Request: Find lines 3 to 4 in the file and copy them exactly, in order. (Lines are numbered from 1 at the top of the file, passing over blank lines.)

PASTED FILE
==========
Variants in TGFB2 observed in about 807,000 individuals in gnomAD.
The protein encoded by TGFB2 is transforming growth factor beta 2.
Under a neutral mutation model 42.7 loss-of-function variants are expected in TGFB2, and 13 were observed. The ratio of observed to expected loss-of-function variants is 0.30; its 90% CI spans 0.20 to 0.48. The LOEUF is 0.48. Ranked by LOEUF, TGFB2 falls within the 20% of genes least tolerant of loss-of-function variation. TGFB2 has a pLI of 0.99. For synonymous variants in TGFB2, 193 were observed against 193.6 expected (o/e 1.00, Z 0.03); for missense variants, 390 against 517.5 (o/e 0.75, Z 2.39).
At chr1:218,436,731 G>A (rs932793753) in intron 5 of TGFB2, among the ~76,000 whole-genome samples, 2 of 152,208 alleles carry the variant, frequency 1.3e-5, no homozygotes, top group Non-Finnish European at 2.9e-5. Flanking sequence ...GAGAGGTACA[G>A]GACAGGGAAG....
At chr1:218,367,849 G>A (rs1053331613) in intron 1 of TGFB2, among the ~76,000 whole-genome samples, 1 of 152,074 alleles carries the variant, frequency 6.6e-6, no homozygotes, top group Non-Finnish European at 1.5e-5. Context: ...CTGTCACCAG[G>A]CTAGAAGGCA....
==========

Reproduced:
Under a neutral mutation model 42.7 loss-of-function variants are expected in TGFB2, and 13 were observed. The ratio of observed to expected loss-of-function variants is 0.30; its 90% CI spans 0.20 to 0.48. The LOEUF is 0.48. Ranked by LOEUF, TGFB2 falls within the 20% of genes least tolerant of loss-of-function variation. TGFB2 has a pLI of 0.99. For synonymous variants in TGFB2, 193 were observed against 193.6 expected (o/e 1.00, Z 0.03); for missense variants, 390 against 517.5 (o/e 0.75, Z 2.39).
At chr1:218,436,731 G>A (rs932793753) in intron 5 of TGFB2, among the ~76,000 whole-genome samples, 2 of 152,208 alleles carry the variant, frequency 1.3e-5, no homozygotes, top group Non-Finnish European at 2.9e-5. Flanking sequence ...GAGAGGTACA[G>A]GACAGGGAAG....